Israel Folau said he shared "Rugby Australia's commitment to inclusiveness and diversity" after settling his legal dispute with Rugby Australia and NSW Rugby.
In an end to a drawn out and divisive eight-month saga, Folau agreed to withdraw his $14 million lawsuit against Rugby Australia and NSW Rugby over his sacking for anti-gay social media posts in May.
The parties had entered a second day of court-ordered mediation on Wednesday after a 12-hour marathon session at the Federal Circuit Court in Melbourne on Monday.
The terms of the settlement are confidential, according to a joint statement issued by Rugby Australia and Folau.
"Rugby Australia, NSW Rugby and Israel Folau have today settled their legal dispute following the dismissal of Israel Folau after he posted a religious message on social media (the Social Media Post)," the statement read.
"The Social Media Post reflected Mr Folau’s genuinely held religious beliefs, and Mr Folau did not intend to harm or offend any person when he uploaded the Social Media Post.
"Mr Folau wants all Australians to know that he does not condone discrimination of any kind against any person on the grounds of their sexuality and that he shares Rugby Australia’s commitment to inclusiveness and diversity.
"Rugby Australia and NSW Rugby do not in any way agree with the content of the Social Media Post. Inclusiveness is one of Rugby’s core values and it welcomes all people to the game, including all members of the LGBTI community.
"While it was not Rugby Australia’s intention, Rugby Australia acknowledges and apologises for any hurt or harm caused to the Folaus. Similarly, Mr Folau did not intend to hurt or harm the game of rugby and acknowledges and apologises for any hurt or harm caused.
"Rugby Australia and Mr Folau wish each other well for the future. The Parties do not intend to comment further on the terms of their settlement as it is confidential.
Folau issued a statement on Wednesday night saying he was "extremely pleased" with the settlement, and claimed he was vindicated by the Rugby Australia's apology.
Rugby Australia boss Raelene Castle expressed a strong belief on Monday that RugbyAU had a strong legal case against Folau's unlawful termination suit, and that they were doing the "right thing" in standing up for diversity and inclusiveness.
But Castle also pointed to a desire to resolve the matter and the settlement is a sign Rugby Australia were motivated to end the Folau saga, and avoid a costly court battle in February.
It's unknown how much of the settlement was covered by Rugby Australia's insurance arrangements.
It is also unknown whether Folau will seek to keep playing football but it appears his original demand to be re-instated by Rugby Australia and the Waratahs has been dropped, and the NRL have previously said they won't contract the former league player.
That leaves overseas rugby but potential employers will no doubt be wary given the events of 2019.
Folau was sacked by Rugby Australia and NSW Rugby after he posted a meme containing the warning that homosexuals would go to hell unless they repented from their sins.
Given it was a similar post to one in 2018, and came after Rugby Australia warnings to not post such material, Folau was issued a Code of Conduct breach.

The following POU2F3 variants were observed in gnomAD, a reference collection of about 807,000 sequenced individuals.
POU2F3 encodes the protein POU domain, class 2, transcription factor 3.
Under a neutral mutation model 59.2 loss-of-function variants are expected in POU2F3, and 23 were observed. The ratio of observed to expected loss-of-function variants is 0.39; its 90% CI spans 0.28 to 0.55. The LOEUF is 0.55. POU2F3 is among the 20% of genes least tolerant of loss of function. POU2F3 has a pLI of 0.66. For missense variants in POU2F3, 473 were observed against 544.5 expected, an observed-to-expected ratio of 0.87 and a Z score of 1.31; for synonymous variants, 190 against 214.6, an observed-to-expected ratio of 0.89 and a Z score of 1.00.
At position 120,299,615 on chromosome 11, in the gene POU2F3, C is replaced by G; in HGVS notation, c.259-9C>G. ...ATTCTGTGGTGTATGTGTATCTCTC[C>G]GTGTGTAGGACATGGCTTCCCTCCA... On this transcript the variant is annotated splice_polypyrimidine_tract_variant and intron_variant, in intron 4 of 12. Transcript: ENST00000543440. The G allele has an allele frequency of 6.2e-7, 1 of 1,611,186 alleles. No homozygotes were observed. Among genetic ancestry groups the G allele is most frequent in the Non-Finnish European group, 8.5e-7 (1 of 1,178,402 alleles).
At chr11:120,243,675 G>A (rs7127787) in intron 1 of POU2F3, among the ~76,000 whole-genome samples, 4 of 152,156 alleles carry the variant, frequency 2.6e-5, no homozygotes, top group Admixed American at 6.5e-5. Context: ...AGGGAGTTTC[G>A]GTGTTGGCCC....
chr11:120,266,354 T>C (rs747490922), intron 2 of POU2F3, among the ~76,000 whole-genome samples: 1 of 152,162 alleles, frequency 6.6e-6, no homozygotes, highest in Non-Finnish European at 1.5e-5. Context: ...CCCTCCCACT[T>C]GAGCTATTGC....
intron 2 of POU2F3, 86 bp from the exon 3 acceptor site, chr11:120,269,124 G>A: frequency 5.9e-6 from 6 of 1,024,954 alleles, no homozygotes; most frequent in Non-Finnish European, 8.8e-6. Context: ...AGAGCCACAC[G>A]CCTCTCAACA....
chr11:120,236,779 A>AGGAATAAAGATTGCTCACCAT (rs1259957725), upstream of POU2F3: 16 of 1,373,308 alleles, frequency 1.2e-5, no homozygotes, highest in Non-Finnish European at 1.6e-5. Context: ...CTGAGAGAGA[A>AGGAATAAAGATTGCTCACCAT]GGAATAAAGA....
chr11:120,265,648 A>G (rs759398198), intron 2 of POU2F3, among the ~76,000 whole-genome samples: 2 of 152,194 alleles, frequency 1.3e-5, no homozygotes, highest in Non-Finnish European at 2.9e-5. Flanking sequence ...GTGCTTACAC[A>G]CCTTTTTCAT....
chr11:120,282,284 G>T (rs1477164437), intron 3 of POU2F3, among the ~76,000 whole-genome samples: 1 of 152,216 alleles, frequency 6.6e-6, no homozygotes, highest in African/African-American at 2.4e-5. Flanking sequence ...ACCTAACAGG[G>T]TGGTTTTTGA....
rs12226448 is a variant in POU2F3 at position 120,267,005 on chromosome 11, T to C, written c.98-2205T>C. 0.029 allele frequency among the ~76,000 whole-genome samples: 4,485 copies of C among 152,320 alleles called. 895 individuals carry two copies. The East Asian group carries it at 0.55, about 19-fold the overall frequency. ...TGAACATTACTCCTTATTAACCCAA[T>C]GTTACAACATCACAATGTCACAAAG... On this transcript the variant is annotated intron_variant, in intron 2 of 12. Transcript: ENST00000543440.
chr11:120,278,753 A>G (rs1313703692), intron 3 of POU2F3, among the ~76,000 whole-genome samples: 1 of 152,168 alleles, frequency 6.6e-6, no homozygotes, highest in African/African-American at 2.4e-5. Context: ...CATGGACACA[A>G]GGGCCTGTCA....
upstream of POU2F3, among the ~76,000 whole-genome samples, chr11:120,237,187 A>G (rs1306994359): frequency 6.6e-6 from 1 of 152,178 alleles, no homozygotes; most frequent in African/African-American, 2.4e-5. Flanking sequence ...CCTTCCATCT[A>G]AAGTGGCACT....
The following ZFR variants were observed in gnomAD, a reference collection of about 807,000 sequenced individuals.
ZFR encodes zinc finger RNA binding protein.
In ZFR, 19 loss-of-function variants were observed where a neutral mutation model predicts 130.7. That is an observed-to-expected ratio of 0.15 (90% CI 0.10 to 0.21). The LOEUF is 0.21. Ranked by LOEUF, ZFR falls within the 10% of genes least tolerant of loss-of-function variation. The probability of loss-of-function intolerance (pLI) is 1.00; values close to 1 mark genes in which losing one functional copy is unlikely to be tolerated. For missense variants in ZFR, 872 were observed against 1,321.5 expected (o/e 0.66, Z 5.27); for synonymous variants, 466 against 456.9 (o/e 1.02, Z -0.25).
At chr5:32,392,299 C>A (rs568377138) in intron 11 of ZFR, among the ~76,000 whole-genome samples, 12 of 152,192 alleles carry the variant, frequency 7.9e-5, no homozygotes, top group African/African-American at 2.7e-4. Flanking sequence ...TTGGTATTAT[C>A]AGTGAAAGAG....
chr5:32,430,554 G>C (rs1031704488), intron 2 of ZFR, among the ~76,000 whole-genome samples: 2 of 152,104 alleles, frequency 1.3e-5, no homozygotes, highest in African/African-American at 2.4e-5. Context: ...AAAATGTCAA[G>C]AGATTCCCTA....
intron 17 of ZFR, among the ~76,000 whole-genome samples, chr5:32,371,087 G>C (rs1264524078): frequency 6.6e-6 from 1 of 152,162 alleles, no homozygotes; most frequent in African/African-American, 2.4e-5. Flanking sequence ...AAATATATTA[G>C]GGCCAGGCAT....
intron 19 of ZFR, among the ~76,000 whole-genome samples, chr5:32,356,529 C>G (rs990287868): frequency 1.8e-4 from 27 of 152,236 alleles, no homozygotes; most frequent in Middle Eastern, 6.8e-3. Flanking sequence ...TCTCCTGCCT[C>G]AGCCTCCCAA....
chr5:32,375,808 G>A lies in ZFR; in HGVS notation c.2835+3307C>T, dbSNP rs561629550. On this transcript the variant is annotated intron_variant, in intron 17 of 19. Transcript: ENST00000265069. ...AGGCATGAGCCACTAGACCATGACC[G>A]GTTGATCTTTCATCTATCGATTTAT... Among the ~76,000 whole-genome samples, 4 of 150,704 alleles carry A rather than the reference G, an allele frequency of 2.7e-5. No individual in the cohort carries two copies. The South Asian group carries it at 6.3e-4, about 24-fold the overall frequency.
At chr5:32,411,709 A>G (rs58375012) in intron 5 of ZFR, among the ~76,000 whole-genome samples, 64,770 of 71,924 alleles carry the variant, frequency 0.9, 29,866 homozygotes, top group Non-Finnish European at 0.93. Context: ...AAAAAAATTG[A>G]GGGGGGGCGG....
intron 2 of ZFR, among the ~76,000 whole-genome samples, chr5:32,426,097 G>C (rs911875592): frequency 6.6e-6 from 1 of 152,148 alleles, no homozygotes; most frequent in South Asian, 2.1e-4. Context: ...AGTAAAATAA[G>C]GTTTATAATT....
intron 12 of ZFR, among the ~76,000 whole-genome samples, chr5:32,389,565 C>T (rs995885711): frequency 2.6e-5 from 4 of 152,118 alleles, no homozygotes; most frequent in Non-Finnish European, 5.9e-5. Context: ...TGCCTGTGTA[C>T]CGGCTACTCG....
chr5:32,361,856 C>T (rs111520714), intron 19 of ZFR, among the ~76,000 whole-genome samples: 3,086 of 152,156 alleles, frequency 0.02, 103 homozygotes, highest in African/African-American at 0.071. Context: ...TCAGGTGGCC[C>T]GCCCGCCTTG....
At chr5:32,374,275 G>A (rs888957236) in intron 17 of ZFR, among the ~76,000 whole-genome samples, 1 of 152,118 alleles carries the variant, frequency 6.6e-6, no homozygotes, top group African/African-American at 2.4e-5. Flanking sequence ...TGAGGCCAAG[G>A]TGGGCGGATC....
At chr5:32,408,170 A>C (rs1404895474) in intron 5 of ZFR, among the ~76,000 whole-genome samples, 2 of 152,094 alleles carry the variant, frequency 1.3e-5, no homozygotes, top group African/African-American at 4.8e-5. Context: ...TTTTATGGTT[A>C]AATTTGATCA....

After an independent Code of Conduct tribunal panel ruled he'd made a "high-level" contract breach for the repeated anti-gay social media posts, Folau's $4 million contract was terminated.
Folau launched legal action against the decision, claiming the social media messages were his religious beliefs and the termination was unlawful.
Folau sought a whopping $14 million in damages, based on his claims of the lost earnings in not only the four years left on his contract, but in subsequent contracts overseas and in post-rugby life as well.
Folau’s “loss and damage” claim stated he would have earned $4.2 million in base salary between 2019 and 2022, another $450,000 in Test match payments, $300,000 in guaranteed sponsorship revenue and another $300,000 from "Lost Israel Folau branded kids’ camp payments”.
Folau also claimed he could have earned up to $4.5 million “following the end of his international career with the Wallabies”, stretching out to as far as 2026.
The former dual international also claimed he could have reaped “career monetary benefits” of up to $50,000 a year for the next year 15-25 years, based on his playing record and "possible captainship of a trophy-winning Wallabies team” in the future, and having helped the Wallabies to "a superior performance at the 2019 Rugby World Cup by the Wallabies than what was achieved without Mr Folau."
Castle made a brief statement heading into court on Monday, where she thanked those in the rugby community for their support.
"We've had many messages and emails of support and it is these messages from those within our community and the wider sports community that leaves us in no doubt that we are doing what is right," Castle said.
"Israel's commentary subsequent to his termination has only reinforced this belief.
"Rugby Australia followed the process for our contracted athletes and the tribunal found that Israel had a high-level breach of his code of conduct that warranted his contract to be terminated.
"During that tribunal process, Israel admitted he had caused harm with his comments and stated that he would not curb his social media use and will post whatever he likes whenever he feels the need to share his views.
"Rugby Australia is confident in its legal position but we come here today with a genuine desire to find a settlement that is sensible and reasonable so that we can return all our focus and resources to growing the game of rugby across Australia, ensuring that all young boys and girls who play the game across Australia have great rugby experiences."